Each week a different multi-millionaire searches for people whose lives he or she can change for the better. Each of our modern-day philanthropists must guarantee to give away thousands of pounds of their own money. For ten days, the millionaires leave their wealthy lifestyle behind and go undercover to live in some of the UK’s toughest areas. They conceal their true identities and immerse themselves in communities with the aim of finding those people that they think deserve their help. On the last day of their visit, they reveal their secret and write their cheques.
Eleven years ago, aged just 16, Ben Way made a life changing business deal worth 25 million pounds, making him one of Britain’s youngest self-made millionaires. Six years later, he’d lost the lot. Now, aged 26, Ben has successfully rebuilt his fortune. But, now fully aware of how tough life can be when you hit rock bottom, he wants to find others who deserve a helping hand. “I’ve been incredibly lucky to have ended up on this side of the tracks. I see it a bit like Russian roulette. My life played Russian roulette with me. Fortunately I won and some people haven’t and I can find those people and change their lives.” Tonight, Ben says goodbye to his private plane, his central London bachelor pad and his fine dining to live on one of the toughest estates in London. He travels just seven miles across town to Hackney – one of the city’s most deprived areas – notorious for gang culture, violent crime and where nearly 60 percent of the kids grow up in single parent families. For ten days he works as a volunteer youth worker at the Pedro Club alongside its inspirational manager, Ufu, who greets Ben by saying, “welcome to murder mile.” During his stay, Ben lives in a room in a shared flat on the local estate.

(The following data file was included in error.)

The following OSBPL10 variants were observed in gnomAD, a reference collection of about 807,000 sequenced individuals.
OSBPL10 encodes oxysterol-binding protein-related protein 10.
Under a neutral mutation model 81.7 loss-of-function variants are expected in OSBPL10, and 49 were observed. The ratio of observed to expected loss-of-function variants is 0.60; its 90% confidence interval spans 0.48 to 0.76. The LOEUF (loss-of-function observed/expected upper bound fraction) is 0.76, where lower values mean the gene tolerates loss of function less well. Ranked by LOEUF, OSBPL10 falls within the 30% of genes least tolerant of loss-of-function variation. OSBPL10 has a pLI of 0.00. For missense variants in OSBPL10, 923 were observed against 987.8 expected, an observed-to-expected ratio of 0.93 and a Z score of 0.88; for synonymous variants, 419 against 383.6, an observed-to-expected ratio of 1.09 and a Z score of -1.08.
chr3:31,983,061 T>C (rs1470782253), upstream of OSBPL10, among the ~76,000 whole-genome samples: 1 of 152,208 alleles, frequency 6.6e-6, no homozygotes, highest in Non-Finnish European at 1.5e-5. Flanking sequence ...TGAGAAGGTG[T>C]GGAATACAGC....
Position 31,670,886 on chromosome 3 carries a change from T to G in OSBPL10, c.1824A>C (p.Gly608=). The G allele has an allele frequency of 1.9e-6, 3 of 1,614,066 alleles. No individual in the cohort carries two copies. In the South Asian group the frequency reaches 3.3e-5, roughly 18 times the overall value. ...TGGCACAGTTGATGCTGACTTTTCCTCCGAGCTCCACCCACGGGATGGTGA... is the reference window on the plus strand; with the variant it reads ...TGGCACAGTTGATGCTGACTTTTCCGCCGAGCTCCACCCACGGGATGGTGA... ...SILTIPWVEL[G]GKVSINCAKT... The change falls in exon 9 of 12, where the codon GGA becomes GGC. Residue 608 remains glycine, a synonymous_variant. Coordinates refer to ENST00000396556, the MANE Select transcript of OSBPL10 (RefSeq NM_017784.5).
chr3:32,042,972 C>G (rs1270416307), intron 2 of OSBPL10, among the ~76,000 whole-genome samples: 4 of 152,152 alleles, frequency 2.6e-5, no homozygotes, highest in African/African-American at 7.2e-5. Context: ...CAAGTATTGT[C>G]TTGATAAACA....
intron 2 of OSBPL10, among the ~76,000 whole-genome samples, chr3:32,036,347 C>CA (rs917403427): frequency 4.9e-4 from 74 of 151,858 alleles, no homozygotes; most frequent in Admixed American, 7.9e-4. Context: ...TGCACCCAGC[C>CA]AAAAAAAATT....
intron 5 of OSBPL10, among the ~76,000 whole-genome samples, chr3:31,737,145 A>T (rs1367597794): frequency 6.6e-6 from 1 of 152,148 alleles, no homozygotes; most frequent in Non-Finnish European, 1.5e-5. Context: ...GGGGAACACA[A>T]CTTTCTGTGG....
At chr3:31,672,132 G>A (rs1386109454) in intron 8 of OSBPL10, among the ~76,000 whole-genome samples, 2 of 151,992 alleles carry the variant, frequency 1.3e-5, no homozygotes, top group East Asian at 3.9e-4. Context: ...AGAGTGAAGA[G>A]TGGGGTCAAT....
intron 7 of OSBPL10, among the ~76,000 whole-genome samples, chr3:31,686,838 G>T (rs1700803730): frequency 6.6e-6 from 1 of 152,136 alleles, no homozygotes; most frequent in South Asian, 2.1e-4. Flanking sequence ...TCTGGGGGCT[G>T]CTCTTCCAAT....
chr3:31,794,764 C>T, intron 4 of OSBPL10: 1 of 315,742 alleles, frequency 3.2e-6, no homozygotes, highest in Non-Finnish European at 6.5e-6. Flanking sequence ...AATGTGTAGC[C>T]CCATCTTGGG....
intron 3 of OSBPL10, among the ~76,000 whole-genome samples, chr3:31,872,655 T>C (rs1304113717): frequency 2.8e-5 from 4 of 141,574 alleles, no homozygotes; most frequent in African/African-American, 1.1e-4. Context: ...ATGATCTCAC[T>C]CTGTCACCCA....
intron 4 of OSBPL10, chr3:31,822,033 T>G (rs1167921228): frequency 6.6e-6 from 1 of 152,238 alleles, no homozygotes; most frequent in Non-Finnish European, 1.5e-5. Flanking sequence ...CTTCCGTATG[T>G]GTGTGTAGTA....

62-year-old John Elliott from Bishop Auckland - a life-long supporter of the Conservative Party and one of the richest people in England. He employs more than three hundred people at his factory making water coolers. John’s now one of the largest suppliers in the world, but life did not begin this way. He grew up in poverty two miles from where he lives now. His father died when he was a small child and his mother raised three children single-handedly. This upbringing has left John with a real sense of what it is like to have nothing and he never takes his wealth for granted. “I did at one point”, says John, “think it may be good to get rid of it and start all over again, then there would be the real pressure of doing it again. A bit like getting to the end of the fish and chip queue and then going to the end and starting again. That would take some strength wouldn’t it?” John is incredibly charitable, giving away thousands each year to different causes. But now he wants a more hands on approach to giving and feels he wants to get as close as possible to the people who really need it. “It’s very easy to write cheques out for organisations… but it is important to get out there and identify people with real needs”. This is why he has agreed to live undercover for ten days - leaving his lifestyle and even his identity behind to live in a small rented flat on the equivalent of state benefits in Kensington, Liverpool, one of the poorest parts of Britain. According to a Government report, the social and economic deprivation there is severe and deep rooted. Its residents have a 50% greater chance of dying earlier than the average person in England. But John does not believe in spending or giving away money for the sake of it. He is very careful not to be wasteful or casual with his giving. So how easy will he find it to identify individuals who he feels are really deserving of his assistance? And, when faced with the realisation that he may have to widen his net to find deserving beneficiaries and look in places he would never normally consider worthy of his help, such as the local asylum centre, how will John react?